Makoto Senoo

Associate Professor, Department of Molecular & Cell Biology

  • Title Associate Professor, Department of Molecular & Cell Biology
  • Office 700 Albany St. W Bldg., W-202D, Boston, MA 02118 USA
  • Phone 617-638-4965

Overview

Stem cells are capable of self-renewal and differentiation into specialized cell types, and their use has emerged as a novel therapeutic treatment in regenerative medicine. Although the functions of various stem cells have been extensively studied, the specific factors and mechanisms that control stem cell fate are not well understood. The focus of Senoo laboratory is to understand the regulatory mechanisms of self-renewal and differentiation of epithelial stem cells, with a long-term goal of developing novel strategies for stem cell-directed therapeutic treatments of epithelial diseases.

DNE1Discovery of p63, the master regulator of epithelial stem cells.

We and others have identified the transcription factor p63 (variably referred to as KET, p51, p40 and p73L) with high sequence identity to the tumor suppressor p53 and its homolog p73. Our initial efforts involved investigating the potential role of p63 in human cancer. However, mutation of p63 is very rare and it does not appear to function as a classical tumor suppressor. Instead, we found that p63 is essential for the proliferative potential of epithelial stem cells. Since then, our research program has been dedicated to understanding the molecular basis of self-renewal and differentiation of epithelial stem cells.

DNE2Intrinsic mechanisms that regulate epithelial stem cell self-renewal.

p63 is expressed in stem cells in many different epithelia, such as the skin, teeth, cornea, prostate, and breast. Loss-of function mouse models for p63 have revealed a dramatic epithelial phenotype during embryogenesis, marked by the loss of these tissues. As such, p63 was among the first genes proposed to function in the maintenance of stem cell populations. However, function of p63 is not simple due to the existence of isoforms with growth suppressive functions (TAp63) as well as dominant negative isoforms with oncogenic properties (DNp63). Notably, the carboxy (C)-terminus of p63 is mutated or lost in patients with ankyloblepharon-ectodermal defects-cleft lip/palate (AEC) syndrome and other ectodermal dysplasias (EDs), characterized by developmental abnormalities of ectodermal structures. Recently, by generating a novel mouse model, we found that p63 C-terminus regulates self-renewal of epithelial stem cells by balancing the TAp63 and DNp63 isoform functions. Deciphering gene programs mediated by the p63 C-terminus will provide significant insight into our understanding of physiology and pathogenesis of epithelia.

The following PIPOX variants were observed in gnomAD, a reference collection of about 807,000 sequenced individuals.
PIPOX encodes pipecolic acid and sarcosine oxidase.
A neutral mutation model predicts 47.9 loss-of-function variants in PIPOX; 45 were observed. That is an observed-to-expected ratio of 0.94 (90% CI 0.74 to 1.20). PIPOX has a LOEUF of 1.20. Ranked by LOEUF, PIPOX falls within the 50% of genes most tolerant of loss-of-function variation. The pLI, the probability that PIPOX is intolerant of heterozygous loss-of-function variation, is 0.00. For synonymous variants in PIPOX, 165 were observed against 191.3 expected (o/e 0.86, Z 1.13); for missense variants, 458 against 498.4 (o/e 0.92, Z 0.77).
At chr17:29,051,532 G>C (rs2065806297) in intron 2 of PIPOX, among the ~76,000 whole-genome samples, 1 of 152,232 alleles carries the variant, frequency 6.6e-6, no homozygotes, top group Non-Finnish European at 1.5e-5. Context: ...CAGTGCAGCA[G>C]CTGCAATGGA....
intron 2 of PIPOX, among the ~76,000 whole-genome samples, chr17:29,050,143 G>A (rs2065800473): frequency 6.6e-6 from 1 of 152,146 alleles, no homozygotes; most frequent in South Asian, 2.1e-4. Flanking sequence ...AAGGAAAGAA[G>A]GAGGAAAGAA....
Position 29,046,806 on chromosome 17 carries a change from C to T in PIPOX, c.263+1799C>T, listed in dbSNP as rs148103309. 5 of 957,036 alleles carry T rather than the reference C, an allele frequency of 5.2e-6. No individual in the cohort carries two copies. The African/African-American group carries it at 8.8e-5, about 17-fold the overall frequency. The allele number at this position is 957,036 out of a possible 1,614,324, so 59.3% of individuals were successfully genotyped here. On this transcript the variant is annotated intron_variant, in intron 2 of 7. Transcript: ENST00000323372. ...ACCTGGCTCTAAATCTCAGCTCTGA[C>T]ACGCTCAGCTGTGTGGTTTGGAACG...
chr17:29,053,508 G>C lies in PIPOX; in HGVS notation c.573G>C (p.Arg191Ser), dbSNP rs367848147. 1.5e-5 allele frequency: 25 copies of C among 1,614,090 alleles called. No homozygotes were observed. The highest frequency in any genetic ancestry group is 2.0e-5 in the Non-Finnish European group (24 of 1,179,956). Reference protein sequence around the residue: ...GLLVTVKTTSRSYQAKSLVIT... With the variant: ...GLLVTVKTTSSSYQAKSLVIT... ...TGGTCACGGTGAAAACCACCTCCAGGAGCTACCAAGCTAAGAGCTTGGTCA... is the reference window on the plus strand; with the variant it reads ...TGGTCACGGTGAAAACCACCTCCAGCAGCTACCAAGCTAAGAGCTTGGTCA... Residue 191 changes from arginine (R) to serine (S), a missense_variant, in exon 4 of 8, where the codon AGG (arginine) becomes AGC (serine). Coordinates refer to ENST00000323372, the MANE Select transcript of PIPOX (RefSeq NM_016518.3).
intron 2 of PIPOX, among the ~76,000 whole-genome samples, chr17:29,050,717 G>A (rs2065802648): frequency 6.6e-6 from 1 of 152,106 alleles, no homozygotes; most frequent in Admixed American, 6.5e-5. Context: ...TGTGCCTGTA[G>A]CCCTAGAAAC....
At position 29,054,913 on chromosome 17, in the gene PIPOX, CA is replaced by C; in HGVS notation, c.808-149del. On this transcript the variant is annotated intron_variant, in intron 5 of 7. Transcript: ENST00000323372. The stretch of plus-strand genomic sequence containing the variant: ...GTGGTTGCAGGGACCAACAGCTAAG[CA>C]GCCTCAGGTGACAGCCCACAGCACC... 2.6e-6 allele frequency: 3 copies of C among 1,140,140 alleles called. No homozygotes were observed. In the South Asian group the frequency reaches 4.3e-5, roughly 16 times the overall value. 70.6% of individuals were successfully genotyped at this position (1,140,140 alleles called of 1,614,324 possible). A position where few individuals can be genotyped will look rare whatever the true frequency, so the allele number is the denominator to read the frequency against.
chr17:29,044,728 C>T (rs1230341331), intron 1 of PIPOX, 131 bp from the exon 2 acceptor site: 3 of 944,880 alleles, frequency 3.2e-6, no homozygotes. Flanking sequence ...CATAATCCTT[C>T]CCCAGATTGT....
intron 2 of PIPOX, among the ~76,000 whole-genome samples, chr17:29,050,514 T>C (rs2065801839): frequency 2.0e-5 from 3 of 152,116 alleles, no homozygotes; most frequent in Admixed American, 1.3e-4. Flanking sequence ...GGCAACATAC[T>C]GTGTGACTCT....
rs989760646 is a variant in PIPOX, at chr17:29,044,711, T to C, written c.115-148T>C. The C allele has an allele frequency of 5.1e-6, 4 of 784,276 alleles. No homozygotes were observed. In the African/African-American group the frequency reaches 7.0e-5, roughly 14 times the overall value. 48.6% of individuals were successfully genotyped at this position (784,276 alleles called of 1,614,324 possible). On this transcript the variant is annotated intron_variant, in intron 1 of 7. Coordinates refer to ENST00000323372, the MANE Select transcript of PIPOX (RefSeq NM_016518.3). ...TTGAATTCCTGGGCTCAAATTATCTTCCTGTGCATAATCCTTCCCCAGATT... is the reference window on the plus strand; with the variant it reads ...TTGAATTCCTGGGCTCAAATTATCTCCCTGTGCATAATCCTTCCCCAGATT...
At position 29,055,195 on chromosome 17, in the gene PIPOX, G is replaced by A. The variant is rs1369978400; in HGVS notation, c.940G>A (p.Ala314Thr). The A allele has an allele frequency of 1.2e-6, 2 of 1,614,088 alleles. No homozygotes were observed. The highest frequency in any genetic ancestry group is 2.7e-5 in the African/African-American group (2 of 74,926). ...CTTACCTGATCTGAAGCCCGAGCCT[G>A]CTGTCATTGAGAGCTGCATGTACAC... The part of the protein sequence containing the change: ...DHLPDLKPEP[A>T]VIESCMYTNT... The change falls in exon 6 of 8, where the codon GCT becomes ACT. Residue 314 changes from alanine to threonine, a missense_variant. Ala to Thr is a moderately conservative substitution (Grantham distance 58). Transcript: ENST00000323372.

DNE3External cues that regulate epithelial stem cell self-renewal.

Stem cell function is intimately linked to extrinsic factors provided by the stem cell microenvironment, so called “stem cell niche.” Although epithelial stem cell niche has not been well characterized in vivo, many of its aspects are recapitulated in co-culture with 3T3-J2 cells, a system developed by Howard Green and colleagues in 1970’s. This co-culture has been used worldwide to regenerate skin grafts for the treatment of patients with massive full-thickness burns, and more recently for damaged corneas. By dissecting signaling pathways, we have revealed the existence of a uniquely configured mechanism in 3T3-J2 cells that optimizes support for epithelial stem cell self-renewal. Decoding “Green’s magic” will help us to develop novel strategies for manipulating external cues that regulate epithelial stem cell self-renewal in regenerative medicine.

Selected Publications

[1] Senoo M, Seki N, Ohira M, Sugano S, Watanabe M, Inuzuka S, Okamoto T, Tachibana M, Tanaka T, Shinkai Y, Kato H. A Second p53-related protein, p73L, with high homology to p73. Biochem Biophys Res Commun (1998) 248: 603-607.

[2] Senoo M, Tsuchiya I, Matsumura Y, Mori T, Saito Y, Kato H, Okamoto T, Habu S. Transcriptional dysregulation of the p73L/p63/p51/p40/KET gene in human squamous cell carcinomas: expression of DNp73L, a novel dominant-negative isoform, and loss of expression of the potential tumor suppressor p51. British J Cancer (2001) 84: 1235-1241.

[3] Nishi H, Senoo M, Nishi KH, Murphy B, Rikiyama T, Matsumura Y, Habu S, Johnson AC. p53 homolog p63 represses epidermal growth factor receptor expression. J Biol Chem (2001) 276: 41717-41724.

[4] Senoo M, Matsumura Y, Habu S. TAp63g (p51A) and DNp63a (p73L), two major isoforms of the p63 gene, exert opposite effects on the vascular endothelial growth factor (VEGF) gene expression. Oncogene (2002) 21: 2455-2465.

[5] Senoo M, Manis JP, Alt FW, McKeon F. p63 and p73 are not required for the development and p53-dependent apoptosis of T cells. Cancer Cell (2004) 6: 85-89.

[6] Senoo M, Pinto F, Crum CP, McKeon F. p63 is essential for the proliferative potential of stem cells in stratified epithelia. Cell (2007) 129: 523-536.

[7] Suzuki D, Senoo M. Increased p63 phosphorylation marks early transition of epidermal stem cells to progenitors. J Inv Dermatol (2012) 132: 2461-2464.

[8] Suzuki D, Sahu R, Leu NA, Senoo M. The carboxy-terminus of p63 links cell cycle control and the proliferative potential of epidermal progenitor cells. Development (2015) 142: 282-290.

[9] Suzuki D, Senoo M. Dact1 regulates the ability of 3T3-J2 cells to support proliferation of human epidermal keratinocytes. J Inv Dermatol (2015) 135: 2894-2897.

Departments
Molecular & Cell Biology
Affiliations
Faculty

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